Extrapolating the residual waste of 5.08 units per vial, the author used 615 vials last year (as a solo injector), which equals 3,124 units of unused product. At $10 per unit, the loss during that calendar year was $31,242. Adjusted for the cost of the product, the actual waste amounted to $15,621.
Applying this to an average cosmetic practice, a practitioner could waste 508 units of neurotoxin per 100 vials used. If the doctor charged $10 per unit, the lost revenue would be $5,080 (minus cost of product). A fee of $12 per unit would equate to $6,096 of lost revenue (minus cost of product). A similar scenario would exist if a dilution less than 2.5mL was used since the residual contains more units.
When the author examines his collection of 5,000 vials, the revenue loss (minus the cost of the product) would be $127,000. This makes it well worth the effort of removing the stopper, tilting the vial, and removing all residual with a 32 gauge needle.
In 2003, Dykstra et al8 reported a survey of 30 physicians who stated that Botox vial residual varied from 2 to 15 units. In this study, 80 vials were tested for residual Botox by three different methods of removal. Inverting the vial and withdrawing through the stopper with a 21-gauge, 1.5-inch needle was the most wasteful, leaving an average residual of 8 units. The second most wasteful method was using a 2-inch, 21-gauge needle in a noninverted vial, which left an average residual of 2.3 units (the longer needle reached the bottom of the flat vial). The most efficient means of removing residual product was removing the stopper and aspirating the noninverted vial with a 21-gauge, 1.5-inch needle, leaving an average residual of only 1 unit. These authors did not recommend the latter method due to compromise in sterility and possibility of glass shards in the vial.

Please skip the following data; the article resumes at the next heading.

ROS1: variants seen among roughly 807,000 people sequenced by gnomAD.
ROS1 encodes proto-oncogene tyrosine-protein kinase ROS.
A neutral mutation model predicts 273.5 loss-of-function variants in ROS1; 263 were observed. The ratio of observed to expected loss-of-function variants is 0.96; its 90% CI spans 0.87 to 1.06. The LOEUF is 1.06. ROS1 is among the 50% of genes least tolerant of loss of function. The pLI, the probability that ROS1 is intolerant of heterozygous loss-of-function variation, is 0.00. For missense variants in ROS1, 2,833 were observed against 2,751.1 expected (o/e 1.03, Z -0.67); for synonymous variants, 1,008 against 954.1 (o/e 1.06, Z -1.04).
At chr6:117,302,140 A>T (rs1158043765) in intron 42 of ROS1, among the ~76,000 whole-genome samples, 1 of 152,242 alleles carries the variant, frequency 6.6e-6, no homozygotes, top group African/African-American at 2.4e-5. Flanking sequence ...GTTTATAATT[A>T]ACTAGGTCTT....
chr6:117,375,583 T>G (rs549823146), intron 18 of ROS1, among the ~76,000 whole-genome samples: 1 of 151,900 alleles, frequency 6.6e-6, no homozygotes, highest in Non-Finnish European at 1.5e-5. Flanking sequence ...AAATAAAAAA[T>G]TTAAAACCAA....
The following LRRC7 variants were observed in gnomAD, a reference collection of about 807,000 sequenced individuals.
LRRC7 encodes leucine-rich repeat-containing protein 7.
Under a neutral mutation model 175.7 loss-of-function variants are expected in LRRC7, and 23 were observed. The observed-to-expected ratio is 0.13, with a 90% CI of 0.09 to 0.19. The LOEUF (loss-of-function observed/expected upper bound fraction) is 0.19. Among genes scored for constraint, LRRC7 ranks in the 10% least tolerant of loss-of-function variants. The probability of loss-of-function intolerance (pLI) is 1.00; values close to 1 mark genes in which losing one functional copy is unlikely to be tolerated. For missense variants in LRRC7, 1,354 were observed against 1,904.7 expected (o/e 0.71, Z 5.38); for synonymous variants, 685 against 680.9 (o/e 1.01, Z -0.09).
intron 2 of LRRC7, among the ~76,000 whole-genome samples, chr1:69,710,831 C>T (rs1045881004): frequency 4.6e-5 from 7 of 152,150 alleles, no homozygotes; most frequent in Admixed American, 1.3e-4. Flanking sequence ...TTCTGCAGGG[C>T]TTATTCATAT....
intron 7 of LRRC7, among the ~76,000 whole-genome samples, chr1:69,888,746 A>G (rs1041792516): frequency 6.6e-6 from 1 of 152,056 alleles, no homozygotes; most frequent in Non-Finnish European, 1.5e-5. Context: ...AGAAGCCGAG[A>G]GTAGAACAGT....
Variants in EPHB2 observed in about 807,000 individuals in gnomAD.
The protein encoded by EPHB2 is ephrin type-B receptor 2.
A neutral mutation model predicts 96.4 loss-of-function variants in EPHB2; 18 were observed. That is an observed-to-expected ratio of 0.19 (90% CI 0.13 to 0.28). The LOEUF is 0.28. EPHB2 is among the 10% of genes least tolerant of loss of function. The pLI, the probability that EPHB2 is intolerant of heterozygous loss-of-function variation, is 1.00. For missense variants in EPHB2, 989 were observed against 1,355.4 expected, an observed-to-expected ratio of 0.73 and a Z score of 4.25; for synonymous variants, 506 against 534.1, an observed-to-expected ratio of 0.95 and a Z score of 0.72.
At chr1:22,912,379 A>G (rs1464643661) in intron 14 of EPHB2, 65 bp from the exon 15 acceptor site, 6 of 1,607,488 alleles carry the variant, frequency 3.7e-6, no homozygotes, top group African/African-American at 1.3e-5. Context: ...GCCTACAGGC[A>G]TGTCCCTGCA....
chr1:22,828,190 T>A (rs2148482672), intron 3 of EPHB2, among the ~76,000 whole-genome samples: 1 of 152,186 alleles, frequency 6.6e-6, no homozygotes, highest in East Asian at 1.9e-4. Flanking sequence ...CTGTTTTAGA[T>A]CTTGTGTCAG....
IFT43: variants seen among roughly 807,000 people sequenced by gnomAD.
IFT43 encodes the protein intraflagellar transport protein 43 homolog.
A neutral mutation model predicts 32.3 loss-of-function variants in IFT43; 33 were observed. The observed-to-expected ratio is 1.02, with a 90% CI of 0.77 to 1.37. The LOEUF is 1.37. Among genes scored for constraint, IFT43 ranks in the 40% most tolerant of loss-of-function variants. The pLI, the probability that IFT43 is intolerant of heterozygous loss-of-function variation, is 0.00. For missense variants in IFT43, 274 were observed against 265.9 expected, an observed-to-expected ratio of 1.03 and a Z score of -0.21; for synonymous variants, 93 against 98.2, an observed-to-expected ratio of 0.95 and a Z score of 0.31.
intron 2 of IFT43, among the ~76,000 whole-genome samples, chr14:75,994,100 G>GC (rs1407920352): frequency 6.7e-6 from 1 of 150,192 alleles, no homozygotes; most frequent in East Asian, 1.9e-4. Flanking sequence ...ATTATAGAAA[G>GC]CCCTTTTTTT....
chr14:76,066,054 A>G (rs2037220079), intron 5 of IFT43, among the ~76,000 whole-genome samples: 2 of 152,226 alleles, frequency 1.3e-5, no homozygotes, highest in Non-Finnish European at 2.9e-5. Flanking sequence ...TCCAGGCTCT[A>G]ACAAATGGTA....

During routine 2.5mL reconstitution, the author’s staff inverts the vial, and, using an 18-gauge needle, aspirates through the stopper into a 3mL syringe. Using a “front loading” technique (through the hub), five single 1mL syringes are loaded with 0.5mL each. When the vial is set down on a level surface, it appears to be totally empty; however, as stated earlier, tilting the vial will show any significant residual. Despite routine efforts to remove all the liquid from the vial, this study showed that significant waste (5 units per vial) was occurring.
In an informal effort to determine how other specialists reconstitute and aspirate vials, the author chose 20 random colleagues from plastic surgery, facial plastic surgery, dermatology, oral and maxillofacial surgery, and oculoplastic surgery who are high-volume, experienced neurotoxin injectors and asked them a single question via email. “How does your office remove reconstituted neurotoxin from the vial?” All 20 responded and 65 percent (13 of 20) reported using needles (18–31 gauge) to aspirate through the stopper. Only seven doctors (35%) reported removing the stopper and then aspirating the residual.